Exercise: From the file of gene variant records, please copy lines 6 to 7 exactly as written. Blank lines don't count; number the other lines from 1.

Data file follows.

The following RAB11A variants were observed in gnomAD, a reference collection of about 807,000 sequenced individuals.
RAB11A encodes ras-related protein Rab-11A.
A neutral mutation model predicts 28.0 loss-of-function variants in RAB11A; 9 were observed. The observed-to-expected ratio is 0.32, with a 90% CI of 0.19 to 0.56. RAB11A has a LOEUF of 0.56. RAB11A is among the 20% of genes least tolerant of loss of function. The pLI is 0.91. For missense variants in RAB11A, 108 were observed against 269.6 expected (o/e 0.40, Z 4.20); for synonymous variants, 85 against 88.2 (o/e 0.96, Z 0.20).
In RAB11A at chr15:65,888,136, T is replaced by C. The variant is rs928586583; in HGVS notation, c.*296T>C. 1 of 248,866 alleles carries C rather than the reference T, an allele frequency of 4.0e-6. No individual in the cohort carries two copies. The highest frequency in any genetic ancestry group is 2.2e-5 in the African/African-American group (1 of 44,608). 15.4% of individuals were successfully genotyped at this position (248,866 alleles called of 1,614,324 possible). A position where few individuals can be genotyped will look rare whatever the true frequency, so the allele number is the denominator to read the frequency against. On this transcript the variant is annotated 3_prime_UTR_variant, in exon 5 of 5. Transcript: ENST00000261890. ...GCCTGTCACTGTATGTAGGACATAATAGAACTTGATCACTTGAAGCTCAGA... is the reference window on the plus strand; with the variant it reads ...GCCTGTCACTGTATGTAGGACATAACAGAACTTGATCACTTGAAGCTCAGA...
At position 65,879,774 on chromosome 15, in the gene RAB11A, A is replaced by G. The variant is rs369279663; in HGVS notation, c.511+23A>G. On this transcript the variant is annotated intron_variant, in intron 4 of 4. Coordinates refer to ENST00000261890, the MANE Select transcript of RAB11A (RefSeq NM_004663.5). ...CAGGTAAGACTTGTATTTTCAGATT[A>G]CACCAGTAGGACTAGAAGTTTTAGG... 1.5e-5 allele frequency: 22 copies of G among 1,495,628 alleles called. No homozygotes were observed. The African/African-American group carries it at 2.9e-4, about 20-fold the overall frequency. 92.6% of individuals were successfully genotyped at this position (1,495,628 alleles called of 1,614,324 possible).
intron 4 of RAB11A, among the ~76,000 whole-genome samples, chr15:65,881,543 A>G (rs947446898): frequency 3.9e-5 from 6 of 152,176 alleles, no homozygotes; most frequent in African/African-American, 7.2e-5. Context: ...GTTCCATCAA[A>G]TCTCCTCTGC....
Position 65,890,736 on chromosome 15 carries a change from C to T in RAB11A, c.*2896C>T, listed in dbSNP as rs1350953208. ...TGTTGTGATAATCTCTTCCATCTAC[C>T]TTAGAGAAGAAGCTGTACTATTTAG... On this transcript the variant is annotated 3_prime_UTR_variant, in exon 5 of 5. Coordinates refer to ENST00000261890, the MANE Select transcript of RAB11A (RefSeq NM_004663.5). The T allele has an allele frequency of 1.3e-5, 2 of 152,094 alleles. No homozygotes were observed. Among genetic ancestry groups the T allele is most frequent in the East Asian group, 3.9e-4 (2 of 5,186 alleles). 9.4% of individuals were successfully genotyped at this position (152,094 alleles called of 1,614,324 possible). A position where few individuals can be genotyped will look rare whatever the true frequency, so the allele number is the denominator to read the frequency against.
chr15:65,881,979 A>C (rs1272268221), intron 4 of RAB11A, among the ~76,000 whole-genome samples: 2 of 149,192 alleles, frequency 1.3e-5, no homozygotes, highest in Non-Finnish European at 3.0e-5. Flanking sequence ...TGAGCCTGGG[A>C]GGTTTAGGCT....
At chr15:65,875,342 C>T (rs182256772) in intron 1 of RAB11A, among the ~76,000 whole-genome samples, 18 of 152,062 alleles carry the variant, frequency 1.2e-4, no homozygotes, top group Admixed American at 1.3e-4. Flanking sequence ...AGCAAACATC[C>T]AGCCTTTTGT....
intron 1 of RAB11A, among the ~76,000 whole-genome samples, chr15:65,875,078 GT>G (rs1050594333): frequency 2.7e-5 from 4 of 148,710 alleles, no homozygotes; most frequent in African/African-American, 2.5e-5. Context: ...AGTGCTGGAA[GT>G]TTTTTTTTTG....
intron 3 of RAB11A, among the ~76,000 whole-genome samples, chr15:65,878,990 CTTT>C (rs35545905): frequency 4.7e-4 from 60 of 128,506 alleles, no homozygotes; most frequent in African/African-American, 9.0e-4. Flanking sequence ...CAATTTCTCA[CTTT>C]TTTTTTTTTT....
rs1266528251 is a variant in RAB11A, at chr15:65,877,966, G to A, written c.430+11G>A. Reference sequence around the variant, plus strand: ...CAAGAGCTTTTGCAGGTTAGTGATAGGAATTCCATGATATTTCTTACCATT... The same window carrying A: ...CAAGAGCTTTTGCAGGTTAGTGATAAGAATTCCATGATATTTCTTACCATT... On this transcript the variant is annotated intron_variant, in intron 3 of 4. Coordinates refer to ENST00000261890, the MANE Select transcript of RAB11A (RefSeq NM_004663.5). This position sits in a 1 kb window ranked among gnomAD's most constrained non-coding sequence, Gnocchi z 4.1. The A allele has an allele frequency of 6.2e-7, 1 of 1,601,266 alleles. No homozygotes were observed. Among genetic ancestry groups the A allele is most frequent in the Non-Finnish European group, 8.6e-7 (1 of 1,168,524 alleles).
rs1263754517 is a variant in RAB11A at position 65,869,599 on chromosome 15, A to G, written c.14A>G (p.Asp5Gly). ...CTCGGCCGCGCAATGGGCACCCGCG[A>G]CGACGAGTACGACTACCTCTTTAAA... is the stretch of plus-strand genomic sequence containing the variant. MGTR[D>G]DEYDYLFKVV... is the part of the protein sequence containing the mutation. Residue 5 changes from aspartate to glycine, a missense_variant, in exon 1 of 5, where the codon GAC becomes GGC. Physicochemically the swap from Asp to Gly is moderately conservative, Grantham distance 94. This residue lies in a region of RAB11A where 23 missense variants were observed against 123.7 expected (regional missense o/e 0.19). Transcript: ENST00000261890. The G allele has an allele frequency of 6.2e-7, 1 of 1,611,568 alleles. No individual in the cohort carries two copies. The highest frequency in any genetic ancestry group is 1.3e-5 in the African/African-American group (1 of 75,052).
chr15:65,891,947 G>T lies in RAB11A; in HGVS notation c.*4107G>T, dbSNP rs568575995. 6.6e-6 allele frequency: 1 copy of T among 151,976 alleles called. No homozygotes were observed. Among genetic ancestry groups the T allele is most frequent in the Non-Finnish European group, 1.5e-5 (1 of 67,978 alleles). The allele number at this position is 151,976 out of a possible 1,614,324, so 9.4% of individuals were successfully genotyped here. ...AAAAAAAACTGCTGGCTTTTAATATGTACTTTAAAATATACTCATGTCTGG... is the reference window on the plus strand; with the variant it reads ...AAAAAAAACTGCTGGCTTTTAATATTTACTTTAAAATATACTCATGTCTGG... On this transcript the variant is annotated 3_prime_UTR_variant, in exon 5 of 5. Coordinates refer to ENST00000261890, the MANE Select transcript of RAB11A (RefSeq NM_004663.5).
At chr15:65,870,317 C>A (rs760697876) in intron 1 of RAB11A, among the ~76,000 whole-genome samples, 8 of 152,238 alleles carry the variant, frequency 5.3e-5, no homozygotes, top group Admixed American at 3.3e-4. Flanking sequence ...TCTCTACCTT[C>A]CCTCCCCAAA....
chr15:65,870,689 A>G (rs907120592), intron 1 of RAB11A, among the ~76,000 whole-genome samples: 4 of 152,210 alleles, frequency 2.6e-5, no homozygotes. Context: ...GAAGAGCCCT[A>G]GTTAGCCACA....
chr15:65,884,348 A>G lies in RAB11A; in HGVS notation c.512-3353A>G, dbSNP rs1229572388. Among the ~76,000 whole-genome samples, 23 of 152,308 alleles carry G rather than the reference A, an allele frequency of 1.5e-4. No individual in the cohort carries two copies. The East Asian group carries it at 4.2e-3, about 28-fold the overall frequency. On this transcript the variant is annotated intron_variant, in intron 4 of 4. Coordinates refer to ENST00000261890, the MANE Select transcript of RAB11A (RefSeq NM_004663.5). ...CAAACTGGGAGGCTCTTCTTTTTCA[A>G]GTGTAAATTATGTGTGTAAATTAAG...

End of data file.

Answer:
intron 4 of RAB11A, among the ~76,000 whole-genome samples, chr15:65,881,543 A>G (rs947446898): frequency 3.9e-5 from 6 of 152,176 alleles, no homozygotes; most frequent in African/African-American, 7.2e-5. Context: ...GTTCCATCAA[A>G]TCTCCTCTGC....
Position 65,890,736 on chromosome 15 carries a change from C to T in RAB11A, c.*2896C>T, listed in dbSNP as rs1350953208. ...TGTTGTGATAATCTCTTCCATCTAC[C>T]TTAGAGAAGAAGCTGTACTATTTAG... On this transcript the variant is annotated 3_prime_UTR_variant, in exon 5 of 5. Coordinates refer to ENST00000261890, the MANE Select transcript of RAB11A (RefSeq NM_004663.5). The T allele has an allele frequency of 1.3e-5, 2 of 152,094 alleles. No homozygotes were observed. Among genetic ancestry groups the T allele is most frequent in the East Asian group, 3.9e-4 (2 of 5,186 alleles). 9.4% of individuals were successfully genotyped at this position (152,094 alleles called of 1,614,324 possible). A position where few individuals can be genotyped will look rare whatever the true frequency, so the allele number is the denominator to read the frequency against.